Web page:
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Status and trends in gypsy moth defoliation hazard in TennesseeAuthor(s): Dennis M. May; Bruce W. Kauffman
Source: Res. Note SO-361. New Orleans, LA: U.S. Department of Agriculture, Forest Service, Southern Forest Experiment Station. 7 p.
Publication Series: Research Note (RN)
Station: Southern Forest Experiment Station
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DescriptionThe gypsy moth, Lymantria dispar (L.), a major defoliator of eastern hardwood forests, has become established in Virginia and is moving towards Tennessee. In preparation for its inevitable arrival, Tennessee’s timberlands are hazard rated to identify those areas most susceptible to gypsy moth defoliation. Tree, stand, and site characteristics associated with gypsy moth defoliation are used to identify USDA Forest Service, Southern Forest Inventory and Analysis, survey plots with a high hazard to gypsy moth defoliation. One-quarter of the State’s timberland, containing 30 percent of the State’s hardwood inventory, is classified as high hazard. These highhazard acres are unevenly distributed across the State and can change over time. Hazard rating provides useful information in planning gypsy moth detection, monitoring, and prevention activities.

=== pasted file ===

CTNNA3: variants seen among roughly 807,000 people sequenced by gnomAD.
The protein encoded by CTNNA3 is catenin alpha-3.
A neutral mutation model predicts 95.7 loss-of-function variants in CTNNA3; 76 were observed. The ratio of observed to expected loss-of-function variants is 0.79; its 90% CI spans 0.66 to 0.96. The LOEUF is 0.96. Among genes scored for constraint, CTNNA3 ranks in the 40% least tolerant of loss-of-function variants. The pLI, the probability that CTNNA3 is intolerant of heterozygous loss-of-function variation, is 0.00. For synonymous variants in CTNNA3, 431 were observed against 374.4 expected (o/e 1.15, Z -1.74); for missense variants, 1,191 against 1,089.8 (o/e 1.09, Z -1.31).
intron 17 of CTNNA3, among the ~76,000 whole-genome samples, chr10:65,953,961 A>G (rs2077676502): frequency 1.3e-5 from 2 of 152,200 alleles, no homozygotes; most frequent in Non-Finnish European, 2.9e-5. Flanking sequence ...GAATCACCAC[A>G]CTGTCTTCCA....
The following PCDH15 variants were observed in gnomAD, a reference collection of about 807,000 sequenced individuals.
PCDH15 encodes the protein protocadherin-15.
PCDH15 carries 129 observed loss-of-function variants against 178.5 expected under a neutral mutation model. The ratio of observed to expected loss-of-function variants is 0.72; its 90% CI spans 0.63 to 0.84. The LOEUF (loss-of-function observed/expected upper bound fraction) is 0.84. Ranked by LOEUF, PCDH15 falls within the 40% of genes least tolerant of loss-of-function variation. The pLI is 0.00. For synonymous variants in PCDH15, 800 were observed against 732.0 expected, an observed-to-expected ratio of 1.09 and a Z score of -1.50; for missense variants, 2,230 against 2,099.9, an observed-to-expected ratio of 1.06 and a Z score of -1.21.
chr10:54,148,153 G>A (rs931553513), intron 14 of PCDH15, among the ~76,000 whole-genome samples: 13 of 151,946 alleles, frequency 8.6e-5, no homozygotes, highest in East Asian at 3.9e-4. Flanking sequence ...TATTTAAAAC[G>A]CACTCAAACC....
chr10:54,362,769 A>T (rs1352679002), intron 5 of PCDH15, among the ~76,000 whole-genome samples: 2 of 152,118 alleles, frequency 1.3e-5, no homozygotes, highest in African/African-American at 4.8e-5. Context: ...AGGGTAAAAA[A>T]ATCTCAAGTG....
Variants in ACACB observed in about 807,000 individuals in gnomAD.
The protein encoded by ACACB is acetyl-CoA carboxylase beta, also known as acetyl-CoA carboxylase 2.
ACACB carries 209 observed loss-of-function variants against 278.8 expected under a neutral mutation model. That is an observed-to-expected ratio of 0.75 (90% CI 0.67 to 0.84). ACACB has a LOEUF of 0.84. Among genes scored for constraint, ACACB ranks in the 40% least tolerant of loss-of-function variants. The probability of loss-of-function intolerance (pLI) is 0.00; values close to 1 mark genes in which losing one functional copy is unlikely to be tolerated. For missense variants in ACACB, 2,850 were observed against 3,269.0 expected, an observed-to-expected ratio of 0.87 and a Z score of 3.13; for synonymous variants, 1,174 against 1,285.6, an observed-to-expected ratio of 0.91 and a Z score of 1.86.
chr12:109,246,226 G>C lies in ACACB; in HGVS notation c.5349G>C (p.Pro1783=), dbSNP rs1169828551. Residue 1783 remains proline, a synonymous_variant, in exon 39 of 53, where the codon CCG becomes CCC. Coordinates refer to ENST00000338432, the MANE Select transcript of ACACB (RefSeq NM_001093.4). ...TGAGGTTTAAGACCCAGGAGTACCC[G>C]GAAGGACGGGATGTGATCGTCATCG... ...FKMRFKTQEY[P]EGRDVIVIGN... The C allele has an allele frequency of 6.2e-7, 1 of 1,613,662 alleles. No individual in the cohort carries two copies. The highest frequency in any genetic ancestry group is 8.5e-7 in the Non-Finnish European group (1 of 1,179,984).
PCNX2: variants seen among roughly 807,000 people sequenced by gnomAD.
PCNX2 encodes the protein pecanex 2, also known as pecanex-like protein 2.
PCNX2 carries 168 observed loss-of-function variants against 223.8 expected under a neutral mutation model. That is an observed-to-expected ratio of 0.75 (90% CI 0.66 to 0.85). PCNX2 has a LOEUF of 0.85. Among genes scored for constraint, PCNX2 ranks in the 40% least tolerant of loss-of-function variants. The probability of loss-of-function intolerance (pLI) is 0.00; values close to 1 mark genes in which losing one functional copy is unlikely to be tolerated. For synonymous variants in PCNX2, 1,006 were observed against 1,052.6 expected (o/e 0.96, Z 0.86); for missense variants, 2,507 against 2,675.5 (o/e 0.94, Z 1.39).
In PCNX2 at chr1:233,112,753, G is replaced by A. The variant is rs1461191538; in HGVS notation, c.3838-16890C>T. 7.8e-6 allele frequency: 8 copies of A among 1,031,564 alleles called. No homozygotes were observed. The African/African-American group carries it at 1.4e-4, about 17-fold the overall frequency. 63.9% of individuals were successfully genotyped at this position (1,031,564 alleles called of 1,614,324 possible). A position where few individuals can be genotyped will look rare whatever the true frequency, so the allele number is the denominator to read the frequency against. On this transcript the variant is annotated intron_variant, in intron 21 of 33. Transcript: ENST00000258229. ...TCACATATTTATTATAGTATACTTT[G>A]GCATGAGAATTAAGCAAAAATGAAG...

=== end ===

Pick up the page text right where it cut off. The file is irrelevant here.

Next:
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CitationMay, Dennis M.; Kauffman, Bruce W. 1990. Status and trends in gypsy moth defoliation hazard in Tennessee. Res. Note SO-361. New Orleans, LA: U.S. Department of Agriculture, Forest Service, Southern Forest Experiment Station. 7 p.
KeywordsSurvey plot, susceptibility, timberland
- Defoliation potential of gypsy moth
- Mapping the defoliation potential of gypsy moth
- Hazard rating forest stands for gypsy moth
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